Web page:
80th Anniversary LE (January, 2004), was launched in celebration of the MG marque's 80th anniversary. There were three exterior colour options: Pearl Black, Starlight Silver and Goodwood Green. All engine and transmission options were available. Interestingly, the silver and black anniversary models were trimmed differently from the green cars, with burgundy red hood, ash grey interior with grenadine Alcantara and black leather seats and bright-finish console, door casings, gear knob and handbrake grip. In contrast, the Goodwood Green Anniversary TF is more traditional in style, combining tan hood with matching tan interior and black Alcantara and tan leather seats. Wood effect inserts are fitted to the console, doors, gear knob and leather steering wheel. All models feature a folding windstop and CD tuner. 16" 11-spoke alloy ‘shadow chrome finish’ wheels are fitted, along with front fog lamps and bright door handles. Anniversary ‘1924 MG 2004’ logos are found on the boot lid and embroidered on the seats, which distinguishes the 80th Anniversary LE from other LE models.
Spark SE (July, 2004), based upon the 115, 135 and 160 variants; 1000 produced for the UK market. The Spark SE falls into the now familiar TF SE pattern of offering the SP2 chassis option as standard on all models (AP brakes, 11-spoke shadow-chrome 16" wheels), along with Gunsmoke and Black Alcantara MG-logo embroidered seats in an Ash Grey interior and a Charcoal Grey hood. Uniquely, this SE offered an extensive 'alloy' effect interior trim finish on the door inserts and steering wheel, along with the usual 'Bright Pack' items: chrome ashtray and handbrake button, Momo leather/alloy gear knob, bright side and front grilles and chrome exterior door handles. Additional spec items include a windstop, front fog lights and a Sony CDX-2000 CD player. The Spark SE premiered Firefrost Red as a body colour and featured a unique Sonic Blue (pictured right) along with old exterior colour stalwarts, Xpower Grey and Starlight Silver.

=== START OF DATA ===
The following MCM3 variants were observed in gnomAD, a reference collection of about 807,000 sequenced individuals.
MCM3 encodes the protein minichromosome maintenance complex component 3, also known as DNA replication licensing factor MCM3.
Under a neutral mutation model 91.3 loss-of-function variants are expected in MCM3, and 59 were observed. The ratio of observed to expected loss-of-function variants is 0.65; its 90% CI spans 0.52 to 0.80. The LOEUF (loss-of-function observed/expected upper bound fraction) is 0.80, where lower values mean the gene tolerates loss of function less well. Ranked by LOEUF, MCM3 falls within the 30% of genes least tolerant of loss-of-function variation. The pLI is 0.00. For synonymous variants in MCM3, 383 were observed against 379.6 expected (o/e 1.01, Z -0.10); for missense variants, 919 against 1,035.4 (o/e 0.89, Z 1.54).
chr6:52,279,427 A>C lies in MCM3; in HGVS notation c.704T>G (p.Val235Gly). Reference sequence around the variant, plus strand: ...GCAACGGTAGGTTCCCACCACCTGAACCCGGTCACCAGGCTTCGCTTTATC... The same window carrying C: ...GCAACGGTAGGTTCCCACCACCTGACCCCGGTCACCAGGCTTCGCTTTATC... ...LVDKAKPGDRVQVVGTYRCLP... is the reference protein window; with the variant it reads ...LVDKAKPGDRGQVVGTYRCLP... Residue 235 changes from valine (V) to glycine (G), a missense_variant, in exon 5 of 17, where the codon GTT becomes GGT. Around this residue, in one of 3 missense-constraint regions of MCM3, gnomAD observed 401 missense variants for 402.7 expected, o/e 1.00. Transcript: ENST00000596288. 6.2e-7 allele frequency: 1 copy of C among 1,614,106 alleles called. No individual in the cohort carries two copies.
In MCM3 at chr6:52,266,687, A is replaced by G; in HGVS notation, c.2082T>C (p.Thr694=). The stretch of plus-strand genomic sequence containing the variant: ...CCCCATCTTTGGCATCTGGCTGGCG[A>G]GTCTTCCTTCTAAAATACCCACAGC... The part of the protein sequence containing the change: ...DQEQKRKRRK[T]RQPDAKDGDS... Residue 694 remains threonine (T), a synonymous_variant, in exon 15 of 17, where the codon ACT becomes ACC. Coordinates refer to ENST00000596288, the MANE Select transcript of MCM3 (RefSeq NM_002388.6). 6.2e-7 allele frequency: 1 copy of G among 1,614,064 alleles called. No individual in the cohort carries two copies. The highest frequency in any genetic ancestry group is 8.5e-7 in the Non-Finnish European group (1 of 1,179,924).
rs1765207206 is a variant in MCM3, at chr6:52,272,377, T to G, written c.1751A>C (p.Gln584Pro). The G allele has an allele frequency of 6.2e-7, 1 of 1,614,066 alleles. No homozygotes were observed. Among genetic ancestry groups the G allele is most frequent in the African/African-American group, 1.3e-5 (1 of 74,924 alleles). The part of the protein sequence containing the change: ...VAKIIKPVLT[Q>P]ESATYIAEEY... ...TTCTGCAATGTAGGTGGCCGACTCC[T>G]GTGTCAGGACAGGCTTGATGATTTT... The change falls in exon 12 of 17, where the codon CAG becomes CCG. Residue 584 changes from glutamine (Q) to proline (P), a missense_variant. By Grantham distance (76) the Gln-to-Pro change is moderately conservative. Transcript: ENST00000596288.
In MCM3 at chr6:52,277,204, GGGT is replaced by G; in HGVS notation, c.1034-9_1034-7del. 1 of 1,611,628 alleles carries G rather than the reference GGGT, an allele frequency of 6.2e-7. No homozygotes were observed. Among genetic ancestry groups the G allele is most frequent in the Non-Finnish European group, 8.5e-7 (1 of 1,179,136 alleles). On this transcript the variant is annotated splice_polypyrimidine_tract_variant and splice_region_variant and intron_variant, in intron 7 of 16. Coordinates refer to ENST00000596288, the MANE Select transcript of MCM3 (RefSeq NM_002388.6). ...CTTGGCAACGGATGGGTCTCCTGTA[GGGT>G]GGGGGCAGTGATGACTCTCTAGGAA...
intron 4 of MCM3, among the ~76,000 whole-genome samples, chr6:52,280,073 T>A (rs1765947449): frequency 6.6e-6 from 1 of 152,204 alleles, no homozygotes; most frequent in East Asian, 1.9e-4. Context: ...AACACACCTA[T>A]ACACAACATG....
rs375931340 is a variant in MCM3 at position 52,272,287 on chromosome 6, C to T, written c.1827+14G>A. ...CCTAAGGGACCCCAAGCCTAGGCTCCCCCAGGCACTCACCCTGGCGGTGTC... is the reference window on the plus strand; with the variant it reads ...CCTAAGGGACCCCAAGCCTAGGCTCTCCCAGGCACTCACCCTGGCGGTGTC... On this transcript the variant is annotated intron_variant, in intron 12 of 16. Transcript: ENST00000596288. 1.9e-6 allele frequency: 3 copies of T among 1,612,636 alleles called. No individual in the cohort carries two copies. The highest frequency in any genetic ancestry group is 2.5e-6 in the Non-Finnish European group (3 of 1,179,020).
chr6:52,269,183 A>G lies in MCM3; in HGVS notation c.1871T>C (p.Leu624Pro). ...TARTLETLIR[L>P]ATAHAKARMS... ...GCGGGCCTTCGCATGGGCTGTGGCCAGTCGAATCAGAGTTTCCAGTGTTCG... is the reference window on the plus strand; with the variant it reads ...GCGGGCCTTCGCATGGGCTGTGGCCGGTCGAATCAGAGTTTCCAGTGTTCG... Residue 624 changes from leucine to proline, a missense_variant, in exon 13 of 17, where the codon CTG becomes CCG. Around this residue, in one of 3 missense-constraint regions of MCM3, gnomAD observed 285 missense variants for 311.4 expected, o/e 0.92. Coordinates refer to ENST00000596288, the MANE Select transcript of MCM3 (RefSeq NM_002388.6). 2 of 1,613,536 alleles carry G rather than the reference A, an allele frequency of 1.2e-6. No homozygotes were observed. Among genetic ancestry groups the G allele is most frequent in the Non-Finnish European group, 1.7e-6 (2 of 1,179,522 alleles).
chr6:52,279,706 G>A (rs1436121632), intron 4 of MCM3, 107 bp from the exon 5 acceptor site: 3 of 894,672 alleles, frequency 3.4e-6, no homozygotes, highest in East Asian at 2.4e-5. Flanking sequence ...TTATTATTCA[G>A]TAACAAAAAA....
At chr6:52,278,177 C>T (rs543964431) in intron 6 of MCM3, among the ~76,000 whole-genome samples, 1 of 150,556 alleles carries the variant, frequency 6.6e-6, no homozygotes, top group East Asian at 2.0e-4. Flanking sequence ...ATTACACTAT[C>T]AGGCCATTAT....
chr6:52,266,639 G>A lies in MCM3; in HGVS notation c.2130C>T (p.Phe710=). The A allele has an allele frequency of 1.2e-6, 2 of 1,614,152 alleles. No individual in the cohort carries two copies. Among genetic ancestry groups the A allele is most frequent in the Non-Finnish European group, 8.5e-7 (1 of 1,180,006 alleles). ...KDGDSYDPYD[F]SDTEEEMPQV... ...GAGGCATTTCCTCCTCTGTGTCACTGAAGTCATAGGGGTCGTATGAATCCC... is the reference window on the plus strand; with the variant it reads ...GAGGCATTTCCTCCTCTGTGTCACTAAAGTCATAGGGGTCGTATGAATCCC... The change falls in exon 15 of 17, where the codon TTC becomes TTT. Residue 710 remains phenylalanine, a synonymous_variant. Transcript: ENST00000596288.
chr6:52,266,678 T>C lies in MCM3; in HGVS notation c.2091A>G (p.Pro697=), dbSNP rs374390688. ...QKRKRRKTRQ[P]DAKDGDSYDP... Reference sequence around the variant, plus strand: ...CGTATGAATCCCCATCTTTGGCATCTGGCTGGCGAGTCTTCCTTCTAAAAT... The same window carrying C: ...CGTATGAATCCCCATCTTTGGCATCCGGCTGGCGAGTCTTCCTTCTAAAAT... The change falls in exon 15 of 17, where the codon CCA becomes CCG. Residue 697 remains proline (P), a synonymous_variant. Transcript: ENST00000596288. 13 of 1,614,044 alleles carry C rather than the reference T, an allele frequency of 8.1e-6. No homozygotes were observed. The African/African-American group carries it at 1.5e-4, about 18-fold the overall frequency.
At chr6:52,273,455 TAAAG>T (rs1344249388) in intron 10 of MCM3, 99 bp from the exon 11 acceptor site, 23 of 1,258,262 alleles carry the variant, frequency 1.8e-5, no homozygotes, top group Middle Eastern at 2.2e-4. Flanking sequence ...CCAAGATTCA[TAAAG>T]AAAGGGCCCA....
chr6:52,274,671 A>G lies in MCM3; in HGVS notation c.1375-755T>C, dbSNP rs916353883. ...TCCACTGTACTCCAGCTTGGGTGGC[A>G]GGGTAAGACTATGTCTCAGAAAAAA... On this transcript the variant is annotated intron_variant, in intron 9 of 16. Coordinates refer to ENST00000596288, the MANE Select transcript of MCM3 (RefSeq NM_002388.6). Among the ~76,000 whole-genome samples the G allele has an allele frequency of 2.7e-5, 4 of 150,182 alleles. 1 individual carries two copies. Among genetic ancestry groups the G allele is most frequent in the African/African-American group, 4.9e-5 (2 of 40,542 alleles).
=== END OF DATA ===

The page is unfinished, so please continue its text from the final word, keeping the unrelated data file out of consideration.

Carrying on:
Vintage Racing SE (October, 2004 - France only), was launched at the October Paris motor show, 2004. Based on the TF160, this car was painted in a unique colour scheme of Dover White with French racing blue 'Cobra' style stripes - this special edition is perhaps the most visually arresting of all the TF special editions released.
Above: the numbered 'Vintage Racing' plaque mounted between the two seats. 'Vintage Racing' script also echoed below the side air intakes on each side.
Clearly designed to evoke the spirit of 1960s motor racing, the car also came fitted with X-Power roll-hoops (the slanting variety), along with 'Vintage Racing' decals below the air intakes and on a numbered plaque below the seats. The specification also included all the usual SE refinements of chrome pack, shadow-chrome 11-spoke alloys and a decent MP3/radio head unit. The seats were black leather, incorporating blue Alcantara inserts, while the centre console was painted in contrasting silver (which was matched to the steering wheel and the door trim inserts). This is a very desirable car - what a shame that an equivalent special edition was not launched in the UK!
2005 Model Year Update (Feb, 2005-April, 2005; VIN 637929-641764). The MY2005 version of the TF has brought with it a range of modest, yet useful updates on the now classic theme. Those expecting a dramatic facelift in line with the concurrent MG saloon range were disappointed, but the upgrades meant :

The suspension too was re-rated with the aim to answer criticisms of the earlier cars that incorporated softer springs, re-rated dampers, thicker anti-roll bars and re-specified bushes. The net result was a significant smoothing of the occasionally bumpy ride that some owners with 16" wheel options (particularly SP1 and SP2 option pack-equipped cars) complained of - without compromising the much-admired handling sharpness.